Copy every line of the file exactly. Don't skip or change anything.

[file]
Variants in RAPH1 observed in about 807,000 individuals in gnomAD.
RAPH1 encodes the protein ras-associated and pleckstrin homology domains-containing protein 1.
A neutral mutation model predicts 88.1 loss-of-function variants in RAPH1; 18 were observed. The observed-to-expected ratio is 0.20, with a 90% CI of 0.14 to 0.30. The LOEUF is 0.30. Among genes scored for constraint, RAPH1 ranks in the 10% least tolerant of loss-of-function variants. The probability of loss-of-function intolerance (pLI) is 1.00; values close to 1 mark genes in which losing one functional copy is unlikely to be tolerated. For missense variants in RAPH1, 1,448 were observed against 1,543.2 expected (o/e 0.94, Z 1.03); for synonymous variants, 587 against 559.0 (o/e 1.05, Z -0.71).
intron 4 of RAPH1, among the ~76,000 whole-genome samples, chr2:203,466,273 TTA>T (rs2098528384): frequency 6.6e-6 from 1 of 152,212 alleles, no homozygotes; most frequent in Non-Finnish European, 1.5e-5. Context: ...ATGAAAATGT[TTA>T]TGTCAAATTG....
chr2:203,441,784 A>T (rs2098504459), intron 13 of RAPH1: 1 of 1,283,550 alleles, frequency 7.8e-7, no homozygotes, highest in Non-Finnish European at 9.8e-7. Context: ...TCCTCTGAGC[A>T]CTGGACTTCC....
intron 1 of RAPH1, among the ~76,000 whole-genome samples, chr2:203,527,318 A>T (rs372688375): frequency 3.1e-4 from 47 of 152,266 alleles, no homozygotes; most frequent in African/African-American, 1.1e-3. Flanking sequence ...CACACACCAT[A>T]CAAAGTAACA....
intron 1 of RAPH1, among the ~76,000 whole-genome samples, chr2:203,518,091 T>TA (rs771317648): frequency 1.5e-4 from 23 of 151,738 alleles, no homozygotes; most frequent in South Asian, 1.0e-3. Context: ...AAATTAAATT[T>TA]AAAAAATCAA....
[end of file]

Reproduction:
Variants in RAPH1 observed in about 807,000 individuals in gnomAD.
RAPH1 encodes the protein ras-associated and pleckstrin homology domains-containing protein 1.
A neutral mutation model predicts 88.1 loss-of-function variants in RAPH1; 18 were observed. The observed-to-expected ratio is 0.20, with a 90% CI of 0.14 to 0.30. The LOEUF is 0.30. Among genes scored for constraint, RAPH1 ranks in the 10% least tolerant of loss-of-function variants. The probability of loss-of-function intolerance (pLI) is 1.00; values close to 1 mark genes in which losing one functional copy is unlikely to be tolerated. For missense variants in RAPH1, 1,448 were observed against 1,543.2 expected (o/e 0.94, Z 1.03); for synonymous variants, 587 against 559.0 (o/e 1.05, Z -0.71).
intron 4 of RAPH1, among the ~76,000 whole-genome samples, chr2:203,466,273 TTA>T (rs2098528384): frequency 6.6e-6 from 1 of 152,212 alleles, no homozygotes; most frequent in Non-Finnish European, 1.5e-5. Context: ...ATGAAAATGT[TTA>T]TGTCAAATTG....
chr2:203,441,784 A>T (rs2098504459), intron 13 of RAPH1: 1 of 1,283,550 alleles, frequency 7.8e-7, no homozygotes, highest in Non-Finnish European at 9.8e-7. Context: ...TCCTCTGAGC[A>T]CTGGACTTCC....
intron 1 of RAPH1, among the ~76,000 whole-genome samples, chr2:203,527,318 A>T (rs372688375): frequency 3.1e-4 from 47 of 152,266 alleles, no homozygotes; most frequent in African/African-American, 1.1e-3. Flanking sequence ...CACACACCAT[A>T]CAAAGTAACA....
intron 1 of RAPH1, among the ~76,000 whole-genome samples, chr2:203,518,091 T>TA (rs771317648): frequency 1.5e-4 from 23 of 151,738 alleles, no homozygotes; most frequent in South Asian, 1.0e-3. Context: ...AAATTAAATT[T>TA]AAAAAATCAA....